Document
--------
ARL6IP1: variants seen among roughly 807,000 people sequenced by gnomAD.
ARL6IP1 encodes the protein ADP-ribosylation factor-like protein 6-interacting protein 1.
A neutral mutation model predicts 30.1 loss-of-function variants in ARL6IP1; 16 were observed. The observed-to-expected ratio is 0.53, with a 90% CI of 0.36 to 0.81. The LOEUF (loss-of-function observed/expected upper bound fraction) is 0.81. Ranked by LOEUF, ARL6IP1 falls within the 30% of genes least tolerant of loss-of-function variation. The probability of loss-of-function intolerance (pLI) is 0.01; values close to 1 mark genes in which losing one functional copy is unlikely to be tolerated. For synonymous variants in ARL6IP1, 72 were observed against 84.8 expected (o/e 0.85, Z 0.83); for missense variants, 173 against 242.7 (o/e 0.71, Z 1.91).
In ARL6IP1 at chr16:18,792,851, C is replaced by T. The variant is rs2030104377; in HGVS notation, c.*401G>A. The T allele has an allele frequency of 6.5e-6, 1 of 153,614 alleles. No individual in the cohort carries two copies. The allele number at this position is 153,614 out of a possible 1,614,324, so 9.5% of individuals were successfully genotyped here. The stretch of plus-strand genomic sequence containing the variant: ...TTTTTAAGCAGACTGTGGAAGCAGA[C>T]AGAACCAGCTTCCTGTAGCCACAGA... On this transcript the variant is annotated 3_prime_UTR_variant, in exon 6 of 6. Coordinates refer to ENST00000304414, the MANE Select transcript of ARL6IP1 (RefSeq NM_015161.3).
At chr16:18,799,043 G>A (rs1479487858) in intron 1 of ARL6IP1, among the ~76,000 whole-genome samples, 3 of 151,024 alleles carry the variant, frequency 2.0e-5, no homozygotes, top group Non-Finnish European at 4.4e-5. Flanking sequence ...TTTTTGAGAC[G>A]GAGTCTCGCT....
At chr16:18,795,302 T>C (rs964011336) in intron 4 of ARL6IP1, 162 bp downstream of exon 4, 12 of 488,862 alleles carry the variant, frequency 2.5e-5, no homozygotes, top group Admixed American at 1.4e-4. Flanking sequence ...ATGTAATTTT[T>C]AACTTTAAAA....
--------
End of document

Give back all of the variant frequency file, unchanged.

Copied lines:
ARL6IP1: variants seen among roughly 807,000 people sequenced by gnomAD.
ARL6IP1 encodes the protein ADP-ribosylation factor-like protein 6-interacting protein 1.
A neutral mutation model predicts 30.1 loss-of-function variants in ARL6IP1; 16 were observed. The observed-to-expected ratio is 0.53, with a 90% CI of 0.36 to 0.81. The LOEUF (loss-of-function observed/expected upper bound fraction) is 0.81. Ranked by LOEUF, ARL6IP1 falls within the 30% of genes least tolerant of loss-of-function variation. The probability of loss-of-function intolerance (pLI) is 0.01; values close to 1 mark genes in which losing one functional copy is unlikely to be tolerated. For synonymous variants in ARL6IP1, 72 were observed against 84.8 expected (o/e 0.85, Z 0.83); for missense variants, 173 against 242.7 (o/e 0.71, Z 1.91).
In ARL6IP1 at chr16:18,792,851, C is replaced by T. The variant is rs2030104377; in HGVS notation, c.*401G>A. The T allele has an allele frequency of 6.5e-6, 1 of 153,614 alleles. No individual in the cohort carries two copies. The allele number at this position is 153,614 out of a possible 1,614,324, so 9.5% of individuals were successfully genotyped here. The stretch of plus-strand genomic sequence containing the variant: ...TTTTTAAGCAGACTGTGGAAGCAGA[C>T]AGAACCAGCTTCCTGTAGCCACAGA... On this transcript the variant is annotated 3_prime_UTR_variant, in exon 6 of 6. Coordinates refer to ENST00000304414, the MANE Select transcript of ARL6IP1 (RefSeq NM_015161.3).
At chr16:18,799,043 G>A (rs1479487858) in intron 1 of ARL6IP1, among the ~76,000 whole-genome samples, 3 of 151,024 alleles carry the variant, frequency 2.0e-5, no homozygotes, top group Non-Finnish European at 4.4e-5. Flanking sequence ...TTTTTGAGAC[G>A]GAGTCTCGCT....
At chr16:18,795,302 T>C (rs964011336) in intron 4 of ARL6IP1, 162 bp downstream of exon 4, 12 of 488,862 alleles carry the variant, frequency 2.5e-5, no homozygotes, top group Admixed American at 1.4e-4. Flanking sequence ...ATGTAATTTT[T>C]AACTTTAAAA....